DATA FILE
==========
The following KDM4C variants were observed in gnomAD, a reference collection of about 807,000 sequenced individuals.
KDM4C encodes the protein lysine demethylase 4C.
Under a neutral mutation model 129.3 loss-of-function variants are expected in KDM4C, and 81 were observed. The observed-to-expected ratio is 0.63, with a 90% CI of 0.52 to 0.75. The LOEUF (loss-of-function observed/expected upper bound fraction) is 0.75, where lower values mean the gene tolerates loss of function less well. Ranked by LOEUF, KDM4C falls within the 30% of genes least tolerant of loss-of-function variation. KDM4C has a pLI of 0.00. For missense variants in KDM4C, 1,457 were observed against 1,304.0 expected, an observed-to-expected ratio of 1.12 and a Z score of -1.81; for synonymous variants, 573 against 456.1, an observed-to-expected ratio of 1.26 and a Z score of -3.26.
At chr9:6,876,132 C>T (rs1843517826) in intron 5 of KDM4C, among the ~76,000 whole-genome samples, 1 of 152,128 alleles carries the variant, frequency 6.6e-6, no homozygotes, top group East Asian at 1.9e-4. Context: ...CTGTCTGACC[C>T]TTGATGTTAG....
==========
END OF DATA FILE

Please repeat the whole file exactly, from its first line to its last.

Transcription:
The following KDM4C variants were observed in gnomAD, a reference collection of about 807,000 sequenced individuals.
KDM4C encodes the protein lysine demethylase 4C.
Under a neutral mutation model 129.3 loss-of-function variants are expected in KDM4C, and 81 were observed. The observed-to-expected ratio is 0.63, with a 90% CI of 0.52 to 0.75. The LOEUF (loss-of-function observed/expected upper bound fraction) is 0.75, where lower values mean the gene tolerates loss of function less well. Ranked by LOEUF, KDM4C falls within the 30% of genes least tolerant of loss-of-function variation. KDM4C has a pLI of 0.00. For missense variants in KDM4C, 1,457 were observed against 1,304.0 expected, an observed-to-expected ratio of 1.12 and a Z score of -1.81; for synonymous variants, 573 against 456.1, an observed-to-expected ratio of 1.26 and a Z score of -3.26.
At chr9:6,876,132 C>T (rs1843517826) in intron 5 of KDM4C, among the ~76,000 whole-genome samples, 1 of 152,128 alleles carries the variant, frequency 6.6e-6, no homozygotes, top group East Asian at 1.9e-4. Context: ...CTGTCTGACC[C>T]TTGATGTTAG....